The process of reading has astounding effects on the people and on their emotions, some of which have been studied with some attention the neuroscience: from “reading the mind”, the feeling of experiencing the same sensations that are narrated in the story.
It could be that some narrative resources would be more appropriate to put in place those processes in the reader than others. For example: do you respond to the readers in a way different from the stories, depending on whether they are narrated from the perspective of “you” or “I”?
That is the question that is proposed to respond to a study published in the Journal of Cognitive Psychology. Although the work is of the past year, I have come up to him through a brief overview in the blog of the Association for Psychological Science.
The authors wanted to determine if the prospect affected:
- The memory of features of the situation presented in the narrative, such as the time, the space, the context and the characters
- The emotional experience of the readers of the story
To do this, the authors chose two fiction novels, of which extracted four passages each. The passages were modifiedso that express perspectives of first person (using the pronoun “I”) or second person (using the pronoun “You”).
The passages modified were presented to 48 students from Tufts University for his reading, in two groups of four passages. After the reading of one of the groups, the researchers offered the students a set of math problems to keep them busy with a task unrelated to the experiment. After the math problems, the subjects were presented the other group of four stories.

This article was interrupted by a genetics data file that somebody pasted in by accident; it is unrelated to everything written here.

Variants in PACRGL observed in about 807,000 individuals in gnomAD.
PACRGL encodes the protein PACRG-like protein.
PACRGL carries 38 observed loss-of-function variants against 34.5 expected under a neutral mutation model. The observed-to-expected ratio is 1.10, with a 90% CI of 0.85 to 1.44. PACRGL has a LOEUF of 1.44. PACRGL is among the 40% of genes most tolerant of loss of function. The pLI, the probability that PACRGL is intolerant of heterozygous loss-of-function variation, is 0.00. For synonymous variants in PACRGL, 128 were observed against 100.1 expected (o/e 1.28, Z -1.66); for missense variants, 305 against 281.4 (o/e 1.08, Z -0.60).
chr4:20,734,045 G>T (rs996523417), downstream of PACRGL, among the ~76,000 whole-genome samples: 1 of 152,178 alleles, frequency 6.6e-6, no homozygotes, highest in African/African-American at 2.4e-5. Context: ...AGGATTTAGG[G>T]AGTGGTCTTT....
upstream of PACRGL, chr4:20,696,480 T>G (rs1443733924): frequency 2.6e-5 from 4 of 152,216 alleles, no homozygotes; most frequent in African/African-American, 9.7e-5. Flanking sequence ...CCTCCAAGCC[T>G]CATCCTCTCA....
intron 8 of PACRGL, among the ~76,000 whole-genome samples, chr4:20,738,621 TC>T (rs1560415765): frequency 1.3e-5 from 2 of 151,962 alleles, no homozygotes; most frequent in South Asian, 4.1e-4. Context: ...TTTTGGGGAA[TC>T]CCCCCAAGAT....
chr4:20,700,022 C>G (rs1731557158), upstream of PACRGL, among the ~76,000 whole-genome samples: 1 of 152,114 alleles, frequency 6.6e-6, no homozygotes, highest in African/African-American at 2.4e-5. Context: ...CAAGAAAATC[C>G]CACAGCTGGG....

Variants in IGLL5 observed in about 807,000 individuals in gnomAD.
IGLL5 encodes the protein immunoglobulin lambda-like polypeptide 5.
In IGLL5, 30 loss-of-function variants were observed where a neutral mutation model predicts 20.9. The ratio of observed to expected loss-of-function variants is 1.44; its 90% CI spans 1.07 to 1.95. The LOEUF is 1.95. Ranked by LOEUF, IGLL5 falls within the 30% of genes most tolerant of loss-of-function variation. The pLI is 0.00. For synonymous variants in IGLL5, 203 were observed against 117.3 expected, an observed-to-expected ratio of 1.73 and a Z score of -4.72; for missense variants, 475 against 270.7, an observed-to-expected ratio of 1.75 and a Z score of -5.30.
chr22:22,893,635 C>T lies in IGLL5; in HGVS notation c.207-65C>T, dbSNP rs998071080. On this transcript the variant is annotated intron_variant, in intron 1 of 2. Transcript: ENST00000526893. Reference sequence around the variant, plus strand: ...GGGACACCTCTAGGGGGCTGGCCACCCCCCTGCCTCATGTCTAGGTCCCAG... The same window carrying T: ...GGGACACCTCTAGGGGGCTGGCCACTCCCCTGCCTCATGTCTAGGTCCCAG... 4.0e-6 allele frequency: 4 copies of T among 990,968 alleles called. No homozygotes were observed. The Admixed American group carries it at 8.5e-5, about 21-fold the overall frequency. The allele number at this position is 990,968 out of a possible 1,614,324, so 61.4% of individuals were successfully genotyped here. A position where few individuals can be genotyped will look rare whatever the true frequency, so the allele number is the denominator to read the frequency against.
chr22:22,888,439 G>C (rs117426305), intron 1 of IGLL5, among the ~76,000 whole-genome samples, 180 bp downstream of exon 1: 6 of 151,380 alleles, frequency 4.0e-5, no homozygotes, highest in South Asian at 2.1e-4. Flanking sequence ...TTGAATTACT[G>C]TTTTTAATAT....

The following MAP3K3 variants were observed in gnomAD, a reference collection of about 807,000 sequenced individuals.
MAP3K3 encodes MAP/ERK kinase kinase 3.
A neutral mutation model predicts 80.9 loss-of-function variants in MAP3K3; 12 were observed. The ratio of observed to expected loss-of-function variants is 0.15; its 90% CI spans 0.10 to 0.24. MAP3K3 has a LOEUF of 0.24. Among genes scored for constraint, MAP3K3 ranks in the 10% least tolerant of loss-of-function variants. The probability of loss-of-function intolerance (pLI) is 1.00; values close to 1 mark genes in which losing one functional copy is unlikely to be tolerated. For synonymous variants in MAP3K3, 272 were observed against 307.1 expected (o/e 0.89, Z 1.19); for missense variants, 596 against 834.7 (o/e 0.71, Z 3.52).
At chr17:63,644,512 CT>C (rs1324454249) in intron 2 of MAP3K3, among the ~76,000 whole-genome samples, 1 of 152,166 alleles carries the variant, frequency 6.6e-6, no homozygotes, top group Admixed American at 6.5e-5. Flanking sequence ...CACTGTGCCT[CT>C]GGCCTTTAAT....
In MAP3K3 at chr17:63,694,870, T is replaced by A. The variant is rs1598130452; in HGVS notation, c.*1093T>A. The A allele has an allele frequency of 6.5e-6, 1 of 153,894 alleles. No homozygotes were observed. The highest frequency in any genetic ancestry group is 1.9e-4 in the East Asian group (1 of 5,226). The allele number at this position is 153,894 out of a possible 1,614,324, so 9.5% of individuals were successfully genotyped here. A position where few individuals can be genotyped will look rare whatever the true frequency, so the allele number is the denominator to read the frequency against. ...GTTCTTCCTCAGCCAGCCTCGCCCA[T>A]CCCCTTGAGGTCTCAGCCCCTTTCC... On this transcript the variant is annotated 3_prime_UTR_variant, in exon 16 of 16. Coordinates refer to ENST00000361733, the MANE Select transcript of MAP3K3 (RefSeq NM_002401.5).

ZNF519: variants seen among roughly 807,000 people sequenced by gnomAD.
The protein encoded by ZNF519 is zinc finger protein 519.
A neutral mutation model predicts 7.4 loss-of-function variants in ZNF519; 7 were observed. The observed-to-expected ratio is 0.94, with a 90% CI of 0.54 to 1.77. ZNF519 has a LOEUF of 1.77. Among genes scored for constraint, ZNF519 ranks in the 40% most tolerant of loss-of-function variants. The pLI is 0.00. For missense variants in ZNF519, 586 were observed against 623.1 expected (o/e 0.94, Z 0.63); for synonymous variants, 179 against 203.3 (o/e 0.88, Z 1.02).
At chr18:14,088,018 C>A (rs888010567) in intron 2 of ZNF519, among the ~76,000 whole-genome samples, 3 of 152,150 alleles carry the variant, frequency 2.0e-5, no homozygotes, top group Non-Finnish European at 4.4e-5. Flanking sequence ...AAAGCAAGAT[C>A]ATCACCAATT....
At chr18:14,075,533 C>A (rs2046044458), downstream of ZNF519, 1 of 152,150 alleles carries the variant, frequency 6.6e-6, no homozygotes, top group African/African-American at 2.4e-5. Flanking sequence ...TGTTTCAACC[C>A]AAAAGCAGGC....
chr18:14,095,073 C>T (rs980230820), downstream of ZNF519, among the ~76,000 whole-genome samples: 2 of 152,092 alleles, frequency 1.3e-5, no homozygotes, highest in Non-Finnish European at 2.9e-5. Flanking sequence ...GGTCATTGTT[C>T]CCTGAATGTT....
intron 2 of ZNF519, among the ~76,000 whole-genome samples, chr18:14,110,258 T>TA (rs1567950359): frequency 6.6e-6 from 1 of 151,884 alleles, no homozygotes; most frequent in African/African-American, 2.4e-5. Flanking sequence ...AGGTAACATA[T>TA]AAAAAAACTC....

For each story read by the students, the researchers took the following measures:
- Understanding of the text: test yes / no response 48 questions (6 per passage), 8 of which related with the knowledge context of the story, 24 with the knowledge of the characters, 8 with the knowledge temporary and 8 with the knowledge space.
- Questionnaire of emotions: a set of 10 adjectives to estimate the valence of affective of the students before reading the passage, and after you read it.
The data showed that when students read the stories written with the pronoun “you” (perspective, second-person), increasing the emotional connection with the passage; in addition, students were more able to recall details space on the scenario described in the story.
As we said in the article:
Results demonstrate that readers differentially represent narrative worlds as a function of perspective, developing richer spatial mental models of layouts and a greater ‘internationalization’ of emotional events when directly addressed as a protagonist
Image by churl